Pakistan’s hopes for a revival of the $6.5 billion bailout package have been further eroded as the International Monetary Fund (IMF) has demanded the country to arrange fresh loans worth $8 billion to cover external debt repayments in the next seven months. The IMF has also requested to approve the upcoming budget for fiscal year 2023-24, but this demand remains unmet, minimising the chances of an early completion of the pending 9th review of the Extended Fund Facility (EFF).
Government sources suggest that the IMF raised the demand for additional financing from $6 billion to $8 billion aimed at ensuring debt repayments coming up from May to December 2023. However, Pakistan has not accepted the new additional financing demand, claiming that the Fund’s current programme will end in June 2023 and it should not put conditions beyond the programme period.
In February, the IMF requested Pakistan to arrange $6 billion in fresh loans, excluding rollovers and refinancing, to meet debt repayments until June 2023 and to stop the further depletion of foreign exchange reserves. Due to a delay in arranging these funds, the 9th programme review worth $1.2 billion remains incomplete.
On Monday, Pakistan’s Finance Minister, Ishaq Dar, informed the IMF executive director that Pakistan had met all prior actions. Saudi Arabia has promised to give $2 billion while the United Arab Emirates has committed $1 billion in fresh loans. However, the remaining $3 billion can only be arranged once the IMF announces a staff-level agreement, and the board approves the ninth review along with the $1.2 billion tranche, said the finance minister.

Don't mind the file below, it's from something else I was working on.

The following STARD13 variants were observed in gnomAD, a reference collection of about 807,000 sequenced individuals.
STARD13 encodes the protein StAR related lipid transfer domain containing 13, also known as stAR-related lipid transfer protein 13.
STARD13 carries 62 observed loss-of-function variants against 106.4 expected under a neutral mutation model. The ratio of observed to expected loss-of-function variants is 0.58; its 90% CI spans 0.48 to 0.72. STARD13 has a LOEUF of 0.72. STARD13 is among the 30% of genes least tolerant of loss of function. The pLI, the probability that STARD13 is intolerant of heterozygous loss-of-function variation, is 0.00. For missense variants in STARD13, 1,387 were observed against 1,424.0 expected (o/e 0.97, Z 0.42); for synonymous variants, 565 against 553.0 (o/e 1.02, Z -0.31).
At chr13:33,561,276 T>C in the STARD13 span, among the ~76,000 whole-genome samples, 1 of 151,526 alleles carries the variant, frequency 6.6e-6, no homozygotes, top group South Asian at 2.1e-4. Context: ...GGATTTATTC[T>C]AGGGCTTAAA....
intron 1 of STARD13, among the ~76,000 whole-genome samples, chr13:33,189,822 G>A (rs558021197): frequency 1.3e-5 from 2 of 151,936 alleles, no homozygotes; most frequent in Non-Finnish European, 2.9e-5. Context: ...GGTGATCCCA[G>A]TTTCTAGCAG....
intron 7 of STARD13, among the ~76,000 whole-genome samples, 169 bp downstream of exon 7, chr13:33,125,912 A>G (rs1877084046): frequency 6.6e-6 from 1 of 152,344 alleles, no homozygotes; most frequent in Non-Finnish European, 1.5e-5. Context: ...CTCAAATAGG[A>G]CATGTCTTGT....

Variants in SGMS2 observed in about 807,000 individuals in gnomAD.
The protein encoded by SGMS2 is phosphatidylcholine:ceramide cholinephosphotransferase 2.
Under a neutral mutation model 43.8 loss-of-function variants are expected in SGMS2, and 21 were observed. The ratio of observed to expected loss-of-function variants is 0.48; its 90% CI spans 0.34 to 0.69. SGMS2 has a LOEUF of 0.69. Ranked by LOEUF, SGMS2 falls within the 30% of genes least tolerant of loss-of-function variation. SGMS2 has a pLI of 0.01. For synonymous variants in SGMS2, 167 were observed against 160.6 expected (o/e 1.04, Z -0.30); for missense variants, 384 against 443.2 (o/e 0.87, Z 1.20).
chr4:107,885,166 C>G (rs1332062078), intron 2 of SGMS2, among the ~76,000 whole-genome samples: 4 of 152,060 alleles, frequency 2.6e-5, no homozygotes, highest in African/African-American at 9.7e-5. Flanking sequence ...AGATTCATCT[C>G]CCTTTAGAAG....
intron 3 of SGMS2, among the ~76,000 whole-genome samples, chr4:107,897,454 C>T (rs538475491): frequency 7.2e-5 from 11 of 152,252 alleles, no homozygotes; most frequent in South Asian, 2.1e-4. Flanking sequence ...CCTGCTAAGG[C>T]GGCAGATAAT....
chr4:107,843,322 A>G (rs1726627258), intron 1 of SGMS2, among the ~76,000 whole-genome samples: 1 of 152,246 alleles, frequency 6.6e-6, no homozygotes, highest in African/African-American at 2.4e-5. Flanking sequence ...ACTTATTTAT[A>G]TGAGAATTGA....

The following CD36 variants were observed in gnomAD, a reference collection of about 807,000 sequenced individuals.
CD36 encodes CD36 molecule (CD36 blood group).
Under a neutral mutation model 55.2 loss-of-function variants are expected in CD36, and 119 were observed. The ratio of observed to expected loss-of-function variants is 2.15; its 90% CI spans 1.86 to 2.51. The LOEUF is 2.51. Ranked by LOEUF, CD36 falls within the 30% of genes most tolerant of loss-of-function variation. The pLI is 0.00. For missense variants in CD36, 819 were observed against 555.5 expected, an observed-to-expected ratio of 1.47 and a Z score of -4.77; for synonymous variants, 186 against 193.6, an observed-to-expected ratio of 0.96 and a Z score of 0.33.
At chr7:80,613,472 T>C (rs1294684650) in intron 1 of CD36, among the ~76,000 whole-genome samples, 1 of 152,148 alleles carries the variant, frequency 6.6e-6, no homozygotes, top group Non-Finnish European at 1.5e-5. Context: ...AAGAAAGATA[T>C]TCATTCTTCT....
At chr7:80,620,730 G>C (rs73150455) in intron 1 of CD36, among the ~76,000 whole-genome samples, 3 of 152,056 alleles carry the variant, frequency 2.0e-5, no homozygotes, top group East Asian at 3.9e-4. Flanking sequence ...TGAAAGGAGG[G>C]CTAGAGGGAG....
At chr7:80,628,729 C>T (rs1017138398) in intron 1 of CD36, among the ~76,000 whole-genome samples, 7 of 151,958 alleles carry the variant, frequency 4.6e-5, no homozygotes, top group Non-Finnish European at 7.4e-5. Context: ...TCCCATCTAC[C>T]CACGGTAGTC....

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Obtaining commitments of “significant additional financing” is crucial before the IMF approves the release of pending bailout funds that are essential for Pakistan to resolve its acute balance of payments crisis, according to the IMF spokesperson. The IMF’s focus is now more on ensuring that Pakistan does not default by arranging funds to the extent of external debt repayments, instead of emphasising on increasing the extremely low foreign exchange reserves.
Meanwhile, Pakistan’s foreign exchange reserves held by the State Bank of Pakistan have fallen to $4.4 billion. The government has been trying to avoid default by putting the brakes on imports, as its debt-related financial inflows have almost dried up due to a delay in reaching a deal with the IMF. However, the finance minister argued that the delay in the IMF deal should not be linked to default.
In conclusion, the IMF’s demand for additional financing has increased to $8 billion, and Pakistan has not accepted the new condition. The delay in arranging fresh loans worth $6 billion has also impacted the pending 9th review of the Extended Fund Facility. Obtaining commitments of “significant additional financing” is essential before the IMF approves the release of pending bailout funds.